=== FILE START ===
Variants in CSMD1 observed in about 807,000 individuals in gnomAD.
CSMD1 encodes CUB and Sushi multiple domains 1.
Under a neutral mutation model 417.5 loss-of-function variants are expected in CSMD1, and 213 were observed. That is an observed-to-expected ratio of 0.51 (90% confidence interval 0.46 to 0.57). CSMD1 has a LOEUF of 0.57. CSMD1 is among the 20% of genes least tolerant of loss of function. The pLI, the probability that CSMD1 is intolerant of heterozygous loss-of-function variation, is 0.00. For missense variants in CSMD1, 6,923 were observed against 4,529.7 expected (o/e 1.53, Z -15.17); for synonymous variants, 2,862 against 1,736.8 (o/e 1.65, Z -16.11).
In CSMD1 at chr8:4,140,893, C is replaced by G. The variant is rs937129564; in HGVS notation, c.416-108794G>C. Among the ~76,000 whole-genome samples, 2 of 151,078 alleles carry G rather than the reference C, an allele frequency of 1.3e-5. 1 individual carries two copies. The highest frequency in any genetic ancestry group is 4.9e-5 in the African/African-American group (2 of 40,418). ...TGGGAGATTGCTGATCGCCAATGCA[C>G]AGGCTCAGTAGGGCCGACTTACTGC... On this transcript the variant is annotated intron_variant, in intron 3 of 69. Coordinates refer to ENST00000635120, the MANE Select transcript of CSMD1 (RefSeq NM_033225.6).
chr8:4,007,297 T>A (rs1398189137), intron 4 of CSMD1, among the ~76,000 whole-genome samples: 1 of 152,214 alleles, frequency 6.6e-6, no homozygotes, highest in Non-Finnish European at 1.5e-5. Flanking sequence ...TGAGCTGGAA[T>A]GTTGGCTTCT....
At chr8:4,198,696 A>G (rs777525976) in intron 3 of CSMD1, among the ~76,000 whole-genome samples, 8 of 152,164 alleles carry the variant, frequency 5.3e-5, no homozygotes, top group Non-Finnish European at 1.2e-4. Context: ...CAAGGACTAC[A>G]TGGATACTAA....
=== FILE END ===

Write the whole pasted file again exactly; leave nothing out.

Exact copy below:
Variants in CSMD1 observed in about 807,000 individuals in gnomAD.
CSMD1 encodes CUB and Sushi multiple domains 1.
Under a neutral mutation model 417.5 loss-of-function variants are expected in CSMD1, and 213 were observed. That is an observed-to-expected ratio of 0.51 (90% confidence interval 0.46 to 0.57). CSMD1 has a LOEUF of 0.57. CSMD1 is among the 20% of genes least tolerant of loss of function. The pLI, the probability that CSMD1 is intolerant of heterozygous loss-of-function variation, is 0.00. For missense variants in CSMD1, 6,923 were observed against 4,529.7 expected (o/e 1.53, Z -15.17); for synonymous variants, 2,862 against 1,736.8 (o/e 1.65, Z -16.11).
In CSMD1 at chr8:4,140,893, C is replaced by G. The variant is rs937129564; in HGVS notation, c.416-108794G>C. Among the ~76,000 whole-genome samples, 2 of 151,078 alleles carry G rather than the reference C, an allele frequency of 1.3e-5. 1 individual carries two copies. The highest frequency in any genetic ancestry group is 4.9e-5 in the African/African-American group (2 of 40,418). ...TGGGAGATTGCTGATCGCCAATGCA[C>G]AGGCTCAGTAGGGCCGACTTACTGC... On this transcript the variant is annotated intron_variant, in intron 3 of 69. Coordinates refer to ENST00000635120, the MANE Select transcript of CSMD1 (RefSeq NM_033225.6).
chr8:4,007,297 T>A (rs1398189137), intron 4 of CSMD1, among the ~76,000 whole-genome samples: 1 of 152,214 alleles, frequency 6.6e-6, no homozygotes, highest in Non-Finnish European at 1.5e-5. Flanking sequence ...TGAGCTGGAA[T>A]GTTGGCTTCT....
At chr8:4,198,696 A>G (rs777525976) in intron 3 of CSMD1, among the ~76,000 whole-genome samples, 8 of 152,164 alleles carry the variant, frequency 5.3e-5, no homozygotes, top group Non-Finnish European at 1.2e-4. Context: ...CAAGGACTAC[A>G]TGGATACTAA....